Inverter microwaves do indeed have their (peak) current draw change when the cooking power changes, down to some value (maybe 30 or 50% power). Below that level, they cycle on and off at the lower power setting similar to standard microwaves.

For this reason they're especially useful with inverters; by lowering the peak power draw, you can get better battery life thanks to operating in a better part of the peukert equation.

(Internally, inverter microwaves basically just use a switching power supply, with a switching frequency of ca. 20-40 kHz, rather than a 60Hz transformer to generate the high voltage needed for the magnetron. There are some details and constraints that make it not a run-of-the-mill switching power supply, but that's the basic concept. As such, they should be pretty well immune to line voltage changes and operate efficiently at full power with MSW inverters.)





Boon Docker

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Posted: 07/02/21 01:48pm Link  |  Quote  |  Print  |  Notify Moderator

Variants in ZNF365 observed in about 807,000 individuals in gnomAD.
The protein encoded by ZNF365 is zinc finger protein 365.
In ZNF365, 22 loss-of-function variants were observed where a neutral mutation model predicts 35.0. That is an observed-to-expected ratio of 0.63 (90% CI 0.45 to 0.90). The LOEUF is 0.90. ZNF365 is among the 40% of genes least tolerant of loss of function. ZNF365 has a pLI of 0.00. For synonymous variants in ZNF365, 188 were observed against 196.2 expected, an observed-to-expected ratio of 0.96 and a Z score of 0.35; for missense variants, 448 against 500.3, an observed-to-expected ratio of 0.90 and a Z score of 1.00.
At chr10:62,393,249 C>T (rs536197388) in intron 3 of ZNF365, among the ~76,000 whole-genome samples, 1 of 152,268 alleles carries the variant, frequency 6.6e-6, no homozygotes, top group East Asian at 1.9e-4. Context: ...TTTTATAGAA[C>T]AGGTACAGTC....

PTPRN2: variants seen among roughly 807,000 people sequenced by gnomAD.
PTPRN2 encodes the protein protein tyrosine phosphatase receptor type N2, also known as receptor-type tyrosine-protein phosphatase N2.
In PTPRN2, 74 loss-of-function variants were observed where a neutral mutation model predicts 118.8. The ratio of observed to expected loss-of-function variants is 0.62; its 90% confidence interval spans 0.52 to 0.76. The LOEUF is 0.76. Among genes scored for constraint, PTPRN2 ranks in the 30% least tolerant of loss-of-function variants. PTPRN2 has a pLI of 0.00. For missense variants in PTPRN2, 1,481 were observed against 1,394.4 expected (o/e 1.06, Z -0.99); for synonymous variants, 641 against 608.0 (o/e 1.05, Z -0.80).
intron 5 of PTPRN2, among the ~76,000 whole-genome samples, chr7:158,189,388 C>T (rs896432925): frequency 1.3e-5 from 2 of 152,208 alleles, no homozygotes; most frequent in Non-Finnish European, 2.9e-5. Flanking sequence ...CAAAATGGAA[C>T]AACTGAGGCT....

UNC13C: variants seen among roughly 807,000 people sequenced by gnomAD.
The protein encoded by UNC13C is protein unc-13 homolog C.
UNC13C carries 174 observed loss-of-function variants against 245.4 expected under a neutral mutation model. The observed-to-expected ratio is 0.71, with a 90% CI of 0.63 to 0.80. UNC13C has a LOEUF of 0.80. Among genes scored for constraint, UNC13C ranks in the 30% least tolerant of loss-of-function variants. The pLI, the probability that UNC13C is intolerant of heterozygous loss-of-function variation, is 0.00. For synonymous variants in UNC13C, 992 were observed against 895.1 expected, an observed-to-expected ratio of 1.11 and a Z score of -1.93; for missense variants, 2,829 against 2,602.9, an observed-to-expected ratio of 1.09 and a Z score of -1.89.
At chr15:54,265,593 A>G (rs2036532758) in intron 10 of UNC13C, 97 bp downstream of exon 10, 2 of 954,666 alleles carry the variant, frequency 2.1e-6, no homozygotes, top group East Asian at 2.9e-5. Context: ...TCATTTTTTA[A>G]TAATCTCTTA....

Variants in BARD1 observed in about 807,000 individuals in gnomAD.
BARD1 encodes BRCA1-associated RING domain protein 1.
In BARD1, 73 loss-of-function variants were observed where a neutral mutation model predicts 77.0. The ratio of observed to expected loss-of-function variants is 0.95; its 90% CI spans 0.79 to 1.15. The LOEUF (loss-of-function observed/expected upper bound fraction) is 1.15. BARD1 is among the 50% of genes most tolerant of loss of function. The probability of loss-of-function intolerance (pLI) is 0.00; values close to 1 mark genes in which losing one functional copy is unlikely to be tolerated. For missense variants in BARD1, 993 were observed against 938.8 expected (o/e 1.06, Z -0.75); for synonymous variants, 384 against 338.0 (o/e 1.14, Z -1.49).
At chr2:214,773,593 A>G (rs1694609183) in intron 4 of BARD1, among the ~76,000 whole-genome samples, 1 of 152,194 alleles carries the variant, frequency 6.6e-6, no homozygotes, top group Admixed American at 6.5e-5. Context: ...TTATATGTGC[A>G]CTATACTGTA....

You are right about the lower setting. Below 30% power the magnetron does cycle on and off according to the KILL A WATT meter.

otrfun

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Posted: 07/02/21 02:04pm Link  |  Quote  |  Print  |  Notify Moderator

Boon Docker wrote:

Just did a test on my inverter mic and at full power it draws 16 amps. At 50% power it draws 8 amps. Tested with a Kill A WATT meter.
Thank you for taking the time to do this test, Boondocker! Wanted to get a confirmation that there was a corresponding reduction in current when the power level was reduced. My wife prefers the way an inverter microwave cooks and defrosts, so looking to replace the unit in our camper. The unit we were looking at draws a bit more current than I'd like (at 100%). Just wanted to make sure we could reduce the power/current level to accommodate our inverter if need be. Thanks again.

Boon Docker

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Posted: 07/02/21 02:16pm Link  |  Quote  |  Print  |  Notify Moderator

You're Welcome!
Glad I could help.